Letters: Ring psychology

14 November 2004

I was wandering if you could give me some advice, or an explanation. For the fight I had bought a book on sports psychology and was using all the tools in the book (visualisation, performance cues, relaxation, breathing, concentration tools, positive mindset etc). These things really helped all the way up until we actually touched gloves with the opponent and suddenly all the adrenaline kicked in! The 5 minute round felt like 30 seconds, I was wondering is there a way to make yourself calm while fighting, or do I just let it go at that? What I mean is, do I use tools (sports psychology) to keep myself focused before the fight and then just let my self go in the fight, or is there a way to keep yourself calm while fighting?

Neil North

It’s not unusual to start off in a red haze, settle down, and work your way through the fight more workmanlike, as you become familiar with the environment. Now that you’ve experienced that environment, the crowd, the fighter, etc. you can replay it in your mind’s eye hundreds of times and become more accustomed to what you’re going to have to deal with. But it’s no good finding that mindset AFTER you’ve been punched in the head–you’ve got to be there beforehand.

Sports psychologists take information which has been referred to them by athletes about real scenarios, then analyze it and arrive at conclusions,usually using esoteric methods by which to address it, without ever having experienced any of these phenomena for themselves, much less dealt with them successfully under pressure. The easiest way to deal with anything is simply find that mindset which you’ve rehearsed in gruelling and punishing workouts. Hard training plus previous experience will give you it, provided the training is reality based. What you have to do in the fight will take care of it for you.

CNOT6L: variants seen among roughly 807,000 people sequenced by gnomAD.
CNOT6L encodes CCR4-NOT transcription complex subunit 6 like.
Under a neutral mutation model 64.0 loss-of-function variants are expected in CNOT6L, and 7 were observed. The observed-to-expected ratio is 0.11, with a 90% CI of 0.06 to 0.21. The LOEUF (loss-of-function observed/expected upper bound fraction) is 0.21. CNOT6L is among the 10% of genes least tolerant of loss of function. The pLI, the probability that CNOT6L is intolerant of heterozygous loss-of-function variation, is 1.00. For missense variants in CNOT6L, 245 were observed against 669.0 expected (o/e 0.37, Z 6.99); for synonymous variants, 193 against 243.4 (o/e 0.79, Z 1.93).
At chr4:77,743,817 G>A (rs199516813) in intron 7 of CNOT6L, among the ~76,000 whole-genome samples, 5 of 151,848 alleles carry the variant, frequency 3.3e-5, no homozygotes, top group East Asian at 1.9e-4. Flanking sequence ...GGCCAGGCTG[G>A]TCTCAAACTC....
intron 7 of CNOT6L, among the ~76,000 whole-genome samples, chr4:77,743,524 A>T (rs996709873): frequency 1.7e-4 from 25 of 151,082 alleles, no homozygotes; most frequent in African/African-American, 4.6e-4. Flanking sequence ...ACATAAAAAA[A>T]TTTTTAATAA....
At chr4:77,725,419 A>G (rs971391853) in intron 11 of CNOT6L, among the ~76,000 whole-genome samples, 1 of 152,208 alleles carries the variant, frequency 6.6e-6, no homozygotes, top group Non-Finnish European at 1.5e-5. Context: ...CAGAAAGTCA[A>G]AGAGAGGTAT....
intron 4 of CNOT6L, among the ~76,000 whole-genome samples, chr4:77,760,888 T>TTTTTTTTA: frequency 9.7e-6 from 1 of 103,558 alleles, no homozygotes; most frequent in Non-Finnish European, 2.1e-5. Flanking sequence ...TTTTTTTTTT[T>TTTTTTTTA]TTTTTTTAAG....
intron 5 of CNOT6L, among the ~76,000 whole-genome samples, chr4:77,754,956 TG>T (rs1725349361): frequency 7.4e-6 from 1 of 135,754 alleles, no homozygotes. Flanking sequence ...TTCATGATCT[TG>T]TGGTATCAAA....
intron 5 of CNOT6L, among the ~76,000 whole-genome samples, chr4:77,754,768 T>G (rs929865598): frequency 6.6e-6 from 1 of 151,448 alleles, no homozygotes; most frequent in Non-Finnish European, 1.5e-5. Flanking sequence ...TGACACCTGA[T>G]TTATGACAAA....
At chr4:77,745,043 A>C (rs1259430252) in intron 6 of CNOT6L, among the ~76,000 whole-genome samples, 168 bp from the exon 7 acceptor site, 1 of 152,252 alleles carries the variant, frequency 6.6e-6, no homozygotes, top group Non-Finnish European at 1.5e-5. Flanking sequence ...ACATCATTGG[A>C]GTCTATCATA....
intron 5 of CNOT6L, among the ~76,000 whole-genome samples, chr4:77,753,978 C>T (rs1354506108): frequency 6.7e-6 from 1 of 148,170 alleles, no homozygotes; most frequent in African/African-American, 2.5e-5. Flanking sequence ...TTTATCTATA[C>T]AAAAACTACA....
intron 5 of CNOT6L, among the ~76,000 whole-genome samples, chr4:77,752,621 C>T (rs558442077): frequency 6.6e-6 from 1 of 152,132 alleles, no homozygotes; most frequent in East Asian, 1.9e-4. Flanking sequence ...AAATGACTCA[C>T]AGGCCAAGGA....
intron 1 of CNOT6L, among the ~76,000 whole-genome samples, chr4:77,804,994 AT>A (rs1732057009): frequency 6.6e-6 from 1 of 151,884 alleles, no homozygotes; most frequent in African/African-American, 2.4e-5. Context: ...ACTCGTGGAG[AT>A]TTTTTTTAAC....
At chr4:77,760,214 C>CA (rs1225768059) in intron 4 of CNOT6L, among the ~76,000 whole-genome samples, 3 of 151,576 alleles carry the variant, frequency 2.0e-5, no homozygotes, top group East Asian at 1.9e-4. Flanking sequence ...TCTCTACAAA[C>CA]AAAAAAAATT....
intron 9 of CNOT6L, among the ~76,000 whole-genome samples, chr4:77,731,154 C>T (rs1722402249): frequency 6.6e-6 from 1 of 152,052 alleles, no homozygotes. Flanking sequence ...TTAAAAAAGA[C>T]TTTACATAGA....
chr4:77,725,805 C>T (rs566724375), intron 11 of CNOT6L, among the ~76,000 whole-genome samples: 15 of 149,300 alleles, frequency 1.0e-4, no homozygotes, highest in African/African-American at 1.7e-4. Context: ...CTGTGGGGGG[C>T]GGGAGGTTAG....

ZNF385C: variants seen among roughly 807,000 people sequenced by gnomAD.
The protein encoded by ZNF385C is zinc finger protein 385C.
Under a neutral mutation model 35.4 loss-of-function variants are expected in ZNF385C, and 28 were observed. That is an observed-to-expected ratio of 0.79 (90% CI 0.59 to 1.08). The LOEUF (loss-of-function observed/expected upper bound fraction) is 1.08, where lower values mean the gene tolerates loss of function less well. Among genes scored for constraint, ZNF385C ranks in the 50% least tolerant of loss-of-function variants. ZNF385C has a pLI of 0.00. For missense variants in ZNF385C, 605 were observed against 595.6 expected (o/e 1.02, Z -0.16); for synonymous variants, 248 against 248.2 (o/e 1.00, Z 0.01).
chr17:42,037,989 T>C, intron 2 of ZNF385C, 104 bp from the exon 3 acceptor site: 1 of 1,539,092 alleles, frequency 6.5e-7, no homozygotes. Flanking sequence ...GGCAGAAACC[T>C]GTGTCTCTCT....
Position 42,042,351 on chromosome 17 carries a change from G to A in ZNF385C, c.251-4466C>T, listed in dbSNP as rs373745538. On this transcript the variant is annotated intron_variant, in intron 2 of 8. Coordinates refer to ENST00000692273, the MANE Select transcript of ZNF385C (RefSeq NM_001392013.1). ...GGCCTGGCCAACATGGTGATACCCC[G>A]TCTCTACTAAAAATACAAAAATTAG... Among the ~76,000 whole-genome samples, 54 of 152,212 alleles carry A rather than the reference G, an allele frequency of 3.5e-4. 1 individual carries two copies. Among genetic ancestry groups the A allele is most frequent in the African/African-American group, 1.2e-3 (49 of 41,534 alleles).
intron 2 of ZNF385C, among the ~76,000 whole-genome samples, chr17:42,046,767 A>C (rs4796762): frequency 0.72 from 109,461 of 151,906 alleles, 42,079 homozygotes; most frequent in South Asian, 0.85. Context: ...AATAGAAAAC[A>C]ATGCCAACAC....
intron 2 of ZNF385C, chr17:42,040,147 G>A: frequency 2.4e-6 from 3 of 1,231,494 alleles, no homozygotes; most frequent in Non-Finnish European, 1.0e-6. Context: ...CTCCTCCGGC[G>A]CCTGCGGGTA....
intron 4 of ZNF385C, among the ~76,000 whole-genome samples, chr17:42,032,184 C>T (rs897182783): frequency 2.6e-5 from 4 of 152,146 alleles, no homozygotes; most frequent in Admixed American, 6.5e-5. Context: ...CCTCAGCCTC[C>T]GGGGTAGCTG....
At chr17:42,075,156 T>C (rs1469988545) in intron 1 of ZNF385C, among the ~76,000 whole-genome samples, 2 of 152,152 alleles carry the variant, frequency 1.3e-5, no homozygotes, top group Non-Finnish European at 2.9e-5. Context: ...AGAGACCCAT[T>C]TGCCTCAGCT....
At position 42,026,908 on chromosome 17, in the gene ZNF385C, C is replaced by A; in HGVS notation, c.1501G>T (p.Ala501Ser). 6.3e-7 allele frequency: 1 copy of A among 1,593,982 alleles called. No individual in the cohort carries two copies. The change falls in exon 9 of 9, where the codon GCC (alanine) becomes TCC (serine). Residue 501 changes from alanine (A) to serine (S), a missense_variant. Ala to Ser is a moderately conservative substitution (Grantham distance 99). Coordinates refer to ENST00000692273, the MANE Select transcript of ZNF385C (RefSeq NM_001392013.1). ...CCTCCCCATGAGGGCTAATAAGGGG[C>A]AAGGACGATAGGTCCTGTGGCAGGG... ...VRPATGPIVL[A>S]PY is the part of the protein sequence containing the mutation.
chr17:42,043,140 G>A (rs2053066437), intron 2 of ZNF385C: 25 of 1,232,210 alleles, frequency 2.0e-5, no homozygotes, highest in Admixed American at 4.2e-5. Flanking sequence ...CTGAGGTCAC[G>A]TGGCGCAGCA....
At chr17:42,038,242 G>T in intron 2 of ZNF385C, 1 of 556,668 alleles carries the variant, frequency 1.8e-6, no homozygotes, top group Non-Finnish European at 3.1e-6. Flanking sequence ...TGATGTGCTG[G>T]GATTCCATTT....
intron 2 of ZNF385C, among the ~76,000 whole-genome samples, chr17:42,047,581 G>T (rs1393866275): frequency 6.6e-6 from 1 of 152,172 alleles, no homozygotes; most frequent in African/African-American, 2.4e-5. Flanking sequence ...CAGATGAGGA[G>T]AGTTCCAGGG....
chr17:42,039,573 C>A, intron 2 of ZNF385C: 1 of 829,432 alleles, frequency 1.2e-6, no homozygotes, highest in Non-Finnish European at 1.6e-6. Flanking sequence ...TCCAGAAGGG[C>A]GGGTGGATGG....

One more thing. If you’re going to fight at that rate shown on the DVD, you have to do variable interval training, specific, non-specific, and mixed so that you can comfortably work in the anaerobic zone. Training in the aerobic zone is for pussies. Conditioning is one of the keys, particularly in a small ring such as this when both fighters are coming out intending to force the other guy to react to them. There’s very little space to move and play a more open strategy. That’s why you’ve got to work on the short punches, the clinch and takedowns from it. And ground and pound. As well as escapes and reversals from chokes, locks, etc.

It goes without saying that you should have a move within a move, in other words anticipate how your opponent’s going to react to you and perhaps counter your initial move. Have counter-moves already built within your actions, both on the feet and on the ground. But the real key to this is always being able to cover the space in between your moves, that is, the half-beat. You should walk, breathe, do everything in that half-beat, broken time. Play it in your head, day and night. The mistake, if any, is made not so much in the actual move, but the transition from one move to another. If you don’t cover that with another move, you effectively could be dead. Equally, that’s where he’s going to make his mistake and not be covered, particuarly if he’s trained in submission wrestling, where the tempo tends to be slow.

Bottom line: don’t worry about concentrating on your naval, or doing special breathing. Just concentrate on what you’re going to do to him.